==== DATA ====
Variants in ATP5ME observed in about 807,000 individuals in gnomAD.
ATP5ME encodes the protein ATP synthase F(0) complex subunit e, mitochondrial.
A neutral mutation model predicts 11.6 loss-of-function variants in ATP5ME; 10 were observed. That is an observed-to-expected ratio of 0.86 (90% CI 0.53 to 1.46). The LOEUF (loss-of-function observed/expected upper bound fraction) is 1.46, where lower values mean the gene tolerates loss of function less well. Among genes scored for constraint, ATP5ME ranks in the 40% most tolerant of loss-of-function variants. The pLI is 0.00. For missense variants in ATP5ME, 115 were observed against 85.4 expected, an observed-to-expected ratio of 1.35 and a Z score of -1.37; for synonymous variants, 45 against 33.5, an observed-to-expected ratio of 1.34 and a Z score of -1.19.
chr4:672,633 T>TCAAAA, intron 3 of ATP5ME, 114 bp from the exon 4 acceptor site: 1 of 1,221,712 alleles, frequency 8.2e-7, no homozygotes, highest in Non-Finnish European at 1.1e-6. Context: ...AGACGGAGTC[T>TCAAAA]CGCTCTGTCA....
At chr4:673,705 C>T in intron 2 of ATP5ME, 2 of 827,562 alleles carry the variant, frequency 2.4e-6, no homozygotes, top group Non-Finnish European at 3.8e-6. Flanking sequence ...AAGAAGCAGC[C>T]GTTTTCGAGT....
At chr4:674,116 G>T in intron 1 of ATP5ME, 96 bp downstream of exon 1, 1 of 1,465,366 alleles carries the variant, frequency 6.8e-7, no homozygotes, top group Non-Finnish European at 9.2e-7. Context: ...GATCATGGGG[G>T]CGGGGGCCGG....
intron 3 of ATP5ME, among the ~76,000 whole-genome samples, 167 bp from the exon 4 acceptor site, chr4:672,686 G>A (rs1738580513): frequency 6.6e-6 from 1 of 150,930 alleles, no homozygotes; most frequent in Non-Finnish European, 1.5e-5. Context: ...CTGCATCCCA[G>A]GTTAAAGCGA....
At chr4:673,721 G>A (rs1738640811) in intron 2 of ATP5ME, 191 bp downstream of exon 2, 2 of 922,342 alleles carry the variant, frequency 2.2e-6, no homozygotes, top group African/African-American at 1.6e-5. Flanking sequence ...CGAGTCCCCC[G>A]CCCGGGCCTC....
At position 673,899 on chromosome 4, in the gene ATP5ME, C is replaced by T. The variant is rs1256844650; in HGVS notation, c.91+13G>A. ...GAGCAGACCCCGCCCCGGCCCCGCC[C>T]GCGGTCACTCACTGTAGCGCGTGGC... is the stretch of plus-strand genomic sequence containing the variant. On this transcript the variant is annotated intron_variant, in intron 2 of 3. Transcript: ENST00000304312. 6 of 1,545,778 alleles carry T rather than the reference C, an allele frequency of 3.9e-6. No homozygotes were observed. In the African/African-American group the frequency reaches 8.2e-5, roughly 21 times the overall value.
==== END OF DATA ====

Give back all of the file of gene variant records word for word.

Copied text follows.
Variants in ATP5ME observed in about 807,000 individuals in gnomAD.
ATP5ME encodes the protein ATP synthase F(0) complex subunit e, mitochondrial.
A neutral mutation model predicts 11.6 loss-of-function variants in ATP5ME; 10 were observed. That is an observed-to-expected ratio of 0.86 (90% CI 0.53 to 1.46). The LOEUF (loss-of-function observed/expected upper bound fraction) is 1.46, where lower values mean the gene tolerates loss of function less well. Among genes scored for constraint, ATP5ME ranks in the 40% most tolerant of loss-of-function variants. The pLI is 0.00. For missense variants in ATP5ME, 115 were observed against 85.4 expected, an observed-to-expected ratio of 1.35 and a Z score of -1.37; for synonymous variants, 45 against 33.5, an observed-to-expected ratio of 1.34 and a Z score of -1.19.
chr4:672,633 T>TCAAAA, intron 3 of ATP5ME, 114 bp from the exon 4 acceptor site: 1 of 1,221,712 alleles, frequency 8.2e-7, no homozygotes, highest in Non-Finnish European at 1.1e-6. Context: ...AGACGGAGTC[T>TCAAAA]CGCTCTGTCA....
At chr4:673,705 C>T in intron 2 of ATP5ME, 2 of 827,562 alleles carry the variant, frequency 2.4e-6, no homozygotes, top group Non-Finnish European at 3.8e-6. Flanking sequence ...AAGAAGCAGC[C>T]GTTTTCGAGT....
At chr4:674,116 G>T in intron 1 of ATP5ME, 96 bp downstream of exon 1, 1 of 1,465,366 alleles carries the variant, frequency 6.8e-7, no homozygotes, top group Non-Finnish European at 9.2e-7. Context: ...GATCATGGGG[G>T]CGGGGGCCGG....
intron 3 of ATP5ME, among the ~76,000 whole-genome samples, 167 bp from the exon 4 acceptor site, chr4:672,686 G>A (rs1738580513): frequency 6.6e-6 from 1 of 150,930 alleles, no homozygotes; most frequent in Non-Finnish European, 1.5e-5. Context: ...CTGCATCCCA[G>A]GTTAAAGCGA....
At chr4:673,721 G>A (rs1738640811) in intron 2 of ATP5ME, 191 bp downstream of exon 2, 2 of 922,342 alleles carry the variant, frequency 2.2e-6, no homozygotes, top group African/African-American at 1.6e-5. Flanking sequence ...CGAGTCCCCC[G>A]CCCGGGCCTC....
At position 673,899 on chromosome 4, in the gene ATP5ME, C is replaced by T. The variant is rs1256844650; in HGVS notation, c.91+13G>A. ...GAGCAGACCCCGCCCCGGCCCCGCC[C>T]GCGGTCACTCACTGTAGCGCGTGGC... is the stretch of plus-strand genomic sequence containing the variant. On this transcript the variant is annotated intron_variant, in intron 2 of 3. Transcript: ENST00000304312. 6 of 1,545,778 alleles carry T rather than the reference C, an allele frequency of 3.9e-6. No homozygotes were observed. In the African/African-American group the frequency reaches 8.2e-5, roughly 21 times the overall value.